“We still gotta play,” Lue said. “We have veteran guys who have been there and know what it takes, but this is a young team, a good team that’s playing at home so experience is not going to be a factor. We have to come in there and have the same mentality that we had in Game 3 and 4.”

Two games ago, the numbers seemed all on the Celtics’ side.

They had moved to 9-0 at home during these playoffs and taken 2-0 series lead, which has been a magic number for a franchise yet to surrender such an advantage during its storied history (37-0). Over the last 96 minutes, Boston has been outscored by 39 points, has dropped to 1-6 on the road and is suddenly facing a must-win game to maintain home-court advantage.

Coach Brad Stevens said at the start of the playoffs that he believed there was value in the greenness of a young group that had several players getting their first taste of postseason basketball. He was proven right with Terry Rozier, Jaylen Brown and rookie Jayson Tatum all thriving as first-time postseason starters.

Their success had the cumulative effect of masking the absences of Kyrie Irving and Gordon Hayward. Now, the lack of an alpha like Irving capable of creating his own shot is sticking out with every 40-point game James produces.

Al Horford, Boston’s only healthy All-Star, was never a dominant scorer, but more of a facilitator who worked well in a finely tuned system.

Horford started off the series strong but his scoring and assist numbers have declined over the last two games.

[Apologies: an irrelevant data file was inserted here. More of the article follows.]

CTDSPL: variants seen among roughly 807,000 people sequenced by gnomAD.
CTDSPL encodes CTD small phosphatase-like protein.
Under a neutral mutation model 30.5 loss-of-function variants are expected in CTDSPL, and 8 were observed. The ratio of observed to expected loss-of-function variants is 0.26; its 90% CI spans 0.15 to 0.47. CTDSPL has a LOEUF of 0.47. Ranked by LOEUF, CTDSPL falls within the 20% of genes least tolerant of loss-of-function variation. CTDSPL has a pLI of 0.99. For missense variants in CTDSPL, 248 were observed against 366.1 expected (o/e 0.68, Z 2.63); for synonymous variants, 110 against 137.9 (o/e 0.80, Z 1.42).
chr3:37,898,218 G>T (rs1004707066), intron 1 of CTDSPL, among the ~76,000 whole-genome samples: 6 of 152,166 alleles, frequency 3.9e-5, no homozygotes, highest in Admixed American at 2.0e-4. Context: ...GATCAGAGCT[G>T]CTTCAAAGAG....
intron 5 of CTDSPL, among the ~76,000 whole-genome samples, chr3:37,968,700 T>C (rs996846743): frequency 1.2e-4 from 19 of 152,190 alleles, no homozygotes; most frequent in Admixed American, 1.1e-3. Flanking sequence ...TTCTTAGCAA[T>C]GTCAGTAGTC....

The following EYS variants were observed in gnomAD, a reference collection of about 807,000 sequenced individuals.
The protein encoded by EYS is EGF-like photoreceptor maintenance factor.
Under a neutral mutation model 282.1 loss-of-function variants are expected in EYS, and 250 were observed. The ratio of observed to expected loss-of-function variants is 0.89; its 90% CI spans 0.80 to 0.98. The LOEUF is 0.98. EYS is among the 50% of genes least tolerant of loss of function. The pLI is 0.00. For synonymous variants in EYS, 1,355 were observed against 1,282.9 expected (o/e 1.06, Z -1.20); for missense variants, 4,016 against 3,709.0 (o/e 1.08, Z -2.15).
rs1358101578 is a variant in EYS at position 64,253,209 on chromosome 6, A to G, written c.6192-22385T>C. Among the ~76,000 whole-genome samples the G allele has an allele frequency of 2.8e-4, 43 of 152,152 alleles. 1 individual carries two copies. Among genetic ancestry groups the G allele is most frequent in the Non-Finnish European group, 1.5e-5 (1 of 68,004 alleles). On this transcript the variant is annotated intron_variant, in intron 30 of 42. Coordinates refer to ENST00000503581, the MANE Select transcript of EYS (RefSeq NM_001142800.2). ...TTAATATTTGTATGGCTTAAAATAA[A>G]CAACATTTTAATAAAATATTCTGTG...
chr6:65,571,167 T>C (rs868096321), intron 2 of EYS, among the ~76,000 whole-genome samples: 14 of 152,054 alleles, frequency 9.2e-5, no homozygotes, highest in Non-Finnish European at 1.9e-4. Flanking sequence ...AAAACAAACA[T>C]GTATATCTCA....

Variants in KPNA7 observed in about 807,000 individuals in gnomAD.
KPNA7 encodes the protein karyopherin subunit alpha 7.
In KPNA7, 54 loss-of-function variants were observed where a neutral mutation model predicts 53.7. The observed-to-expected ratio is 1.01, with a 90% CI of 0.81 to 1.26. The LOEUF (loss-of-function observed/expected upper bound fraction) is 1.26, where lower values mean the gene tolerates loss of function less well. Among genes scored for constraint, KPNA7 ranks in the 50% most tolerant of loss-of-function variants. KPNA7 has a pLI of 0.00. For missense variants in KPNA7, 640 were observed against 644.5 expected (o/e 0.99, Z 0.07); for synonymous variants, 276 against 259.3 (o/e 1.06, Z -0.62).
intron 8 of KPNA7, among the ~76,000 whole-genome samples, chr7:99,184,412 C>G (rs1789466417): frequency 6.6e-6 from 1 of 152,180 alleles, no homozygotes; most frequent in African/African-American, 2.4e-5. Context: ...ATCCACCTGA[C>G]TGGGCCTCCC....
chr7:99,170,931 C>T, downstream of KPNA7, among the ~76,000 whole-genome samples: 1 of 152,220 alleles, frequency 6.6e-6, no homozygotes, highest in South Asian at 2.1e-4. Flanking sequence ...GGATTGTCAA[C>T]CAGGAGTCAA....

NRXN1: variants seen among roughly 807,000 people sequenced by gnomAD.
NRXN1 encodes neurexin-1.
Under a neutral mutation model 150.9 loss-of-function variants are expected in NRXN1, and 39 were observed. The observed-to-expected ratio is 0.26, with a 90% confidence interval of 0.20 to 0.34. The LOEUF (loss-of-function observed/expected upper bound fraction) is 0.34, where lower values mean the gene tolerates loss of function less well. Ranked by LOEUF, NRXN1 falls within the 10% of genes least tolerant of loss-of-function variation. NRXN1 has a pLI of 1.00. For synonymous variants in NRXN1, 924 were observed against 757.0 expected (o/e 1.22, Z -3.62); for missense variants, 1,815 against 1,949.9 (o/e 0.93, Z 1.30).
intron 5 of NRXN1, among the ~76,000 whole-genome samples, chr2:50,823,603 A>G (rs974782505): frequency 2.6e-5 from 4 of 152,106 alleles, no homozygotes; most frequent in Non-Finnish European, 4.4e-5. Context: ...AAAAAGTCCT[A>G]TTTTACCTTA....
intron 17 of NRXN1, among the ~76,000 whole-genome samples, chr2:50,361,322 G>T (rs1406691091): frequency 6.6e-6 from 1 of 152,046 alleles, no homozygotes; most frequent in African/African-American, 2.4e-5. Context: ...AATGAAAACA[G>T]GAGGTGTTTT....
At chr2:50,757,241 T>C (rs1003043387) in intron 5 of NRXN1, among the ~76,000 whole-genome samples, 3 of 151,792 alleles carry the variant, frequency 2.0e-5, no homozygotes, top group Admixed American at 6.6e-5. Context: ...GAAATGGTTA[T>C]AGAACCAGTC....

Lue’s move to reinsert Tristan Thompson back into the starting lineup in Game 2 is a huge reason.

Thompson has not only helped things move better on the offensive end for Cleveland, he’s combined with Larry Nance to make things difficult on Horford. Horford had just four shots and seven points in 30 minutes in Game 3. He scored 15 points in Game 4 but was just 5-of-13 from the field with one assist.

If the Celtics are going to get back to the by-committee style that got them here, it must begin with his leadership. To that end, Horford said they’ll focus on correcting their issues, but also won’t dwell on them.

“As a group, we’re excited to be back, going back home,” he said. “Obviously we understand the challenge of it. We can’t think about the past. We just have to worry about this opportunity. We have a Game 5 at home, and we have to make the most of it.”

Cleveland is hoping James’ once quiet supporting cast continues its surge in Boston.

Kevin Love just missed his third straight double-double in Game 4 and sharpshooters JR Smith and Kyle Korver were 12 of 19 from the 3-point line in Games 3 and 4.

Korver’s efforts have stood out.

At 37 years old he was all over the court scoring in Game 4, diving for loose balls and collecting three blocks. While he anticipated being sore from all the activity, Korver said playing “fun basketball” is still propelling a guy looking for his first ring after appearing in 124 playoff games for five different teams during his 15-year career.

“There’s not many of us `03 class guys still around,” James said of Korver. “I feel like we’re just cut from a different cloth because we’ve been around for so long. We have this work ethic and you see him every day putting in the work, putting his mind, his body into it. It’s not about his age.”